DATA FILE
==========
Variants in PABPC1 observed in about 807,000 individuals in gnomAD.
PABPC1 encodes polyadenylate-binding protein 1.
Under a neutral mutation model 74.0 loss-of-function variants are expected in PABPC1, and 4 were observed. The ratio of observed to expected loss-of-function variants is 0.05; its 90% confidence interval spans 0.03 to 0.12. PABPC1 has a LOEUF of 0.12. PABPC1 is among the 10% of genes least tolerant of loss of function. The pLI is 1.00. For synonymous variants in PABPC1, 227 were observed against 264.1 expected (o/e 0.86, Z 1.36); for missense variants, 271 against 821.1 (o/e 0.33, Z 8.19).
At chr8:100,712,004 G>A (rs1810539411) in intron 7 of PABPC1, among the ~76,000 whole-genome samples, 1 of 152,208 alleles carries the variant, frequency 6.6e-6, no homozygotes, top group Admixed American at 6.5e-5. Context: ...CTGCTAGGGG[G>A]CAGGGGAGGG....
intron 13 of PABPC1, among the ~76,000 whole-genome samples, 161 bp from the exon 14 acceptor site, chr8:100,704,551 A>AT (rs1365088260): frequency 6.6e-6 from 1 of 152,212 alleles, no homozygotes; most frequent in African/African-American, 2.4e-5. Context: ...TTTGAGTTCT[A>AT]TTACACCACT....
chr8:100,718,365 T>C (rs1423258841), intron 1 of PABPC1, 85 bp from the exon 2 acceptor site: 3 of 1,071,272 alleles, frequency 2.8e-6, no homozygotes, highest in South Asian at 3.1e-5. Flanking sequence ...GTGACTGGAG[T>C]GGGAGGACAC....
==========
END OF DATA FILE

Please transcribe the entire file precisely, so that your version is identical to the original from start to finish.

Variants in PABPC1 observed in about 807,000 individuals in gnomAD.
PABPC1 encodes polyadenylate-binding protein 1.
Under a neutral mutation model 74.0 loss-of-function variants are expected in PABPC1, and 4 were observed. The ratio of observed to expected loss-of-function variants is 0.05; its 90% confidence interval spans 0.03 to 0.12. PABPC1 has a LOEUF of 0.12. PABPC1 is among the 10% of genes least tolerant of loss of function. The pLI is 1.00. For synonymous variants in PABPC1, 227 were observed against 264.1 expected (o/e 0.86, Z 1.36); for missense variants, 271 against 821.1 (o/e 0.33, Z 8.19).
At chr8:100,712,004 G>A (rs1810539411) in intron 7 of PABPC1, among the ~76,000 whole-genome samples, 1 of 152,208 alleles carries the variant, frequency 6.6e-6, no homozygotes, top group Admixed American at 6.5e-5. Context: ...CTGCTAGGGG[G>A]CAGGGGAGGG....
intron 13 of PABPC1, among the ~76,000 whole-genome samples, 161 bp from the exon 14 acceptor site, chr8:100,704,551 A>AT (rs1365088260): frequency 6.6e-6 from 1 of 152,212 alleles, no homozygotes; most frequent in African/African-American, 2.4e-5. Context: ...TTTGAGTTCT[A>AT]TTACACCACT....
chr8:100,718,365 T>C (rs1423258841), intron 1 of PABPC1, 85 bp from the exon 2 acceptor site: 3 of 1,071,272 alleles, frequency 2.8e-6, no homozygotes, highest in South Asian at 3.1e-5. Flanking sequence ...GTGACTGGAG[T>C]GGGAGGACAC....